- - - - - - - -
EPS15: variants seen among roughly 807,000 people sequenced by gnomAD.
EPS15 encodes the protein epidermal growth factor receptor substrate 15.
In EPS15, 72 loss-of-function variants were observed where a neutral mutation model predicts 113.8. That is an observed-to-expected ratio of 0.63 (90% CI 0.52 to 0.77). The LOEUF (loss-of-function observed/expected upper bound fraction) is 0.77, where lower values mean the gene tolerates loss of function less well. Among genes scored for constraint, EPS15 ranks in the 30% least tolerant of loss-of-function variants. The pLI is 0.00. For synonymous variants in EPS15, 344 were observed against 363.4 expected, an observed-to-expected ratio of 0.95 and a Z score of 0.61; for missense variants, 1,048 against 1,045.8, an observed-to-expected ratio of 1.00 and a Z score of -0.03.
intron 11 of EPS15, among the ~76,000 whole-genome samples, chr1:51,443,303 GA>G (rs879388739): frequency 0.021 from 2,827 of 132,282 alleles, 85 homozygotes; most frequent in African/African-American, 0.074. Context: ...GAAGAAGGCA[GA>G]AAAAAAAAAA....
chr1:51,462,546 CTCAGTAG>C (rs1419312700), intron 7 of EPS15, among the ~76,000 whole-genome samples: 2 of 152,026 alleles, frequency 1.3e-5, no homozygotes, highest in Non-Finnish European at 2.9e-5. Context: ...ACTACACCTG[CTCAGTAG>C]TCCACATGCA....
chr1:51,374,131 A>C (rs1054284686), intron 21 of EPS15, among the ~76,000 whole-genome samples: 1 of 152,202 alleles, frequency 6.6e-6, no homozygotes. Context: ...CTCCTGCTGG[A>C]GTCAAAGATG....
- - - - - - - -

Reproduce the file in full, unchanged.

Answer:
EPS15: variants seen among roughly 807,000 people sequenced by gnomAD.
EPS15 encodes the protein epidermal growth factor receptor substrate 15.
In EPS15, 72 loss-of-function variants were observed where a neutral mutation model predicts 113.8. That is an observed-to-expected ratio of 0.63 (90% CI 0.52 to 0.77). The LOEUF (loss-of-function observed/expected upper bound fraction) is 0.77, where lower values mean the gene tolerates loss of function less well. Among genes scored for constraint, EPS15 ranks in the 30% least tolerant of loss-of-function variants. The pLI is 0.00. For synonymous variants in EPS15, 344 were observed against 363.4 expected, an observed-to-expected ratio of 0.95 and a Z score of 0.61; for missense variants, 1,048 against 1,045.8, an observed-to-expected ratio of 1.00 and a Z score of -0.03.
intron 11 of EPS15, among the ~76,000 whole-genome samples, chr1:51,443,303 GA>G (rs879388739): frequency 0.021 from 2,827 of 132,282 alleles, 85 homozygotes; most frequent in African/African-American, 0.074. Context: ...GAAGAAGGCA[GA>G]AAAAAAAAAA....
chr1:51,462,546 CTCAGTAG>C (rs1419312700), intron 7 of EPS15, among the ~76,000 whole-genome samples: 2 of 152,026 alleles, frequency 1.3e-5, no homozygotes, highest in Non-Finnish European at 2.9e-5. Context: ...ACTACACCTG[CTCAGTAG>C]TCCACATGCA....
chr1:51,374,131 A>C (rs1054284686), intron 21 of EPS15, among the ~76,000 whole-genome samples: 1 of 152,202 alleles, frequency 6.6e-6, no homozygotes. Context: ...CTCCTGCTGG[A>C]GTCAAAGATG....